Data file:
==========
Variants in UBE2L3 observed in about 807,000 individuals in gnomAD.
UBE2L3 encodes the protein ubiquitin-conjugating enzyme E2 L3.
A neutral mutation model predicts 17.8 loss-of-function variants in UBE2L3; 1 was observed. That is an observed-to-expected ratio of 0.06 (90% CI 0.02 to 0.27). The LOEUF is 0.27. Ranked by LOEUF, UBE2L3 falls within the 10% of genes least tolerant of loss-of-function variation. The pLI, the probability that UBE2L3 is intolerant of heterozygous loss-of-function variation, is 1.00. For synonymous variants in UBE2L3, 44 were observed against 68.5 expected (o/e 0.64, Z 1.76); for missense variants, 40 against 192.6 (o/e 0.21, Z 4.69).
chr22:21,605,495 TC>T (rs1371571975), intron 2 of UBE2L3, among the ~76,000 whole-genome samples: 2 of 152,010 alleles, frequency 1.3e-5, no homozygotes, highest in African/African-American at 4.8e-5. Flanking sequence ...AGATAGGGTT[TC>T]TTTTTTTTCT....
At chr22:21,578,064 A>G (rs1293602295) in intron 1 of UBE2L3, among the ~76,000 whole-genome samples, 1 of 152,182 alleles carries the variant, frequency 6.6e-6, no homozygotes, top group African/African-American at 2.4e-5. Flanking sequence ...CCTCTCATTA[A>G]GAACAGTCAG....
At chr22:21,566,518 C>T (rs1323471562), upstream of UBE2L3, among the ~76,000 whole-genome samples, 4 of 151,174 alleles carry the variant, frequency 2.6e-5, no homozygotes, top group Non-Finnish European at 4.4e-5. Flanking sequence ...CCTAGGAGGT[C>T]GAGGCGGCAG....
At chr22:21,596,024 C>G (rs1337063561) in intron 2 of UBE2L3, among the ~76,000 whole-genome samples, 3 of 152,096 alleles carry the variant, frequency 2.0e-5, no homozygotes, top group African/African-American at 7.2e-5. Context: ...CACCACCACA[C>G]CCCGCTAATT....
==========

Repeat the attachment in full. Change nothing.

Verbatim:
Variants in UBE2L3 observed in about 807,000 individuals in gnomAD.
UBE2L3 encodes the protein ubiquitin-conjugating enzyme E2 L3.
A neutral mutation model predicts 17.8 loss-of-function variants in UBE2L3; 1 was observed. That is an observed-to-expected ratio of 0.06 (90% CI 0.02 to 0.27). The LOEUF is 0.27. Ranked by LOEUF, UBE2L3 falls within the 10% of genes least tolerant of loss-of-function variation. The pLI, the probability that UBE2L3 is intolerant of heterozygous loss-of-function variation, is 1.00. For synonymous variants in UBE2L3, 44 were observed against 68.5 expected (o/e 0.64, Z 1.76); for missense variants, 40 against 192.6 (o/e 0.21, Z 4.69).
chr22:21,605,495 TC>T (rs1371571975), intron 2 of UBE2L3, among the ~76,000 whole-genome samples: 2 of 152,010 alleles, frequency 1.3e-5, no homozygotes, highest in African/African-American at 4.8e-5. Flanking sequence ...AGATAGGGTT[TC>T]TTTTTTTTCT....
At chr22:21,578,064 A>G (rs1293602295) in intron 1 of UBE2L3, among the ~76,000 whole-genome samples, 1 of 152,182 alleles carries the variant, frequency 6.6e-6, no homozygotes, top group African/African-American at 2.4e-5. Flanking sequence ...CCTCTCATTA[A>G]GAACAGTCAG....
At chr22:21,566,518 C>T (rs1323471562), upstream of UBE2L3, among the ~76,000 whole-genome samples, 4 of 151,174 alleles carry the variant, frequency 2.6e-5, no homozygotes, top group Non-Finnish European at 4.4e-5. Flanking sequence ...CCTAGGAGGT[C>T]GAGGCGGCAG....
At chr22:21,596,024 C>G (rs1337063561) in intron 2 of UBE2L3, among the ~76,000 whole-genome samples, 3 of 152,096 alleles carry the variant, frequency 2.0e-5, no homozygotes, top group African/African-American at 7.2e-5. Context: ...CACCACCACA[C>G]CCCGCTAATT....